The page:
Dear Crucial Skills,
My assistant used $700 for a hotel room. I had never given him a spending limit, but I didn’t think he would spend $700. Now I need to tell him he won’t get reimbursed for that because it was way too much. How do I tell him? Help!
Pretzeled Purse String
I’ll start with the bad news. I can’t help you tell him he won’t be reimbursed because that is the wrong conversation to have. From where I am sitting and what you have shared, you need to reimburse him and then have the conversation about appropriate travel expenses going forward. Admittedly, that probably means the tough conversation you will be having is with your boss, when you explain you need to find the budget to cover this hotel expense because you didn’t set expectations up front.
That’s the bad news. The good news is, every time an expectation is missed, we have an opportunity to clarify and re-set expectations going forward. A missed expectation is a chance to do things differently going forward. So, let’s unpack the situation.
First, you didn’t set clear expectations up front. You made some assumptions about “appropriate” behavior based on your paradigm. That is on you, and you need to take responsibility for that. Learn from this that you should have a clear travel policy that you share with new employees up front. Do this for yourself, and for them. No new employee wants to make a mistake right out of the gate. When we as leaders fail to set clear expectations, we set our employees up to fail. That’s not fair to them.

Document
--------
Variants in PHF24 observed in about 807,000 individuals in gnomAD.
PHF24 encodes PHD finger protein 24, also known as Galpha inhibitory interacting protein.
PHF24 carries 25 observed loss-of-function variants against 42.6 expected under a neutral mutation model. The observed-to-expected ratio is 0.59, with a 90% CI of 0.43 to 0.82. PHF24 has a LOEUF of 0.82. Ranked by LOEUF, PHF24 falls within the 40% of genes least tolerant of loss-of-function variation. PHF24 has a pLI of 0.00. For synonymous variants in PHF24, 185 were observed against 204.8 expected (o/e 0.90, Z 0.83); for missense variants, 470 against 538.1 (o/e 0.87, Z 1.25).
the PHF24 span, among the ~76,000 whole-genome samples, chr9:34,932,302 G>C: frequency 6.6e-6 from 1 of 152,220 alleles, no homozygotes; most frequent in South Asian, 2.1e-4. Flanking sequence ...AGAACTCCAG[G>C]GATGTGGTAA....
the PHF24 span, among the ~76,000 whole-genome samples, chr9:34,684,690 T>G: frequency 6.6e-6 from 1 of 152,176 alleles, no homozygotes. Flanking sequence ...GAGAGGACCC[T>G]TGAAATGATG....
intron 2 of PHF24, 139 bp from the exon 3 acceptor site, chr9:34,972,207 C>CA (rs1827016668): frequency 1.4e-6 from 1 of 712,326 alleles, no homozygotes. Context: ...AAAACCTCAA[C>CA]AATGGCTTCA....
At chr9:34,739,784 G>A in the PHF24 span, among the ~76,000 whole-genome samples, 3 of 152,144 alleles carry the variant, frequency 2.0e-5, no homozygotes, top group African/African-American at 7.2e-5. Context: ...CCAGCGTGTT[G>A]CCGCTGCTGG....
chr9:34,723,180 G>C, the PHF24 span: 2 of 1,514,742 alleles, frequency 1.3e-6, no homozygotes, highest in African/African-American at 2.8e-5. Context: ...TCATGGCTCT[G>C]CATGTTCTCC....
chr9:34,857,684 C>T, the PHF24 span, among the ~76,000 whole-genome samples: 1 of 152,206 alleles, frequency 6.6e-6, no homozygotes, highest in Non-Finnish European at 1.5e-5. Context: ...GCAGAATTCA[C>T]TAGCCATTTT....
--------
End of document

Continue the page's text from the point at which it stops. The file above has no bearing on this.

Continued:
Next, use this opportunity to clarify how you want to work together going forward (when it comes to travel or any other expectation). This is a critical time to demonstrate to your employee how you will handle a situation when something goes awry. Show up well here and you will be laying the foundation for a positive, collaborative, accountable working relationship going forward.
To do this, start by sharing your good intent. Why are you having this conversation? And more importantly, what do you want for this person coming out of the conversation? Too often we go into accountability conversations like these with a clear idea of what we want for us… but not for the other person. In this case, sharing your good intent might sound like:
“I want to chat with you about your recent travel expenses. My goal is to make sure you and I are aligned and that you are set up to be successful going forward.”
Then, describe the gap between what you were expecting and what you have observed:
“I noticed you spent $700 on your hotel room. I realize we didn’t discuss this beforehand, but that is a lot more than our employees typically spend and I was surprised by the amount.”
Again, make sure you own your part in this—that you didn’t give guidelines up front.
Finally, set a clear expectation for going forward:
“I’ll send you our employee travel policy today so you have a clear understanding of the guidelines.”
Conversations about expectations become much easier when you see them as collaborative rather than directive. “My job is not to hold you accountable. Instead, our job is to work together to understand and close the gap between what was expected and what really happened.” When we become part of the conversation, we are able to look at and take responsibility for how our action (or inaction) has contributed to the gap.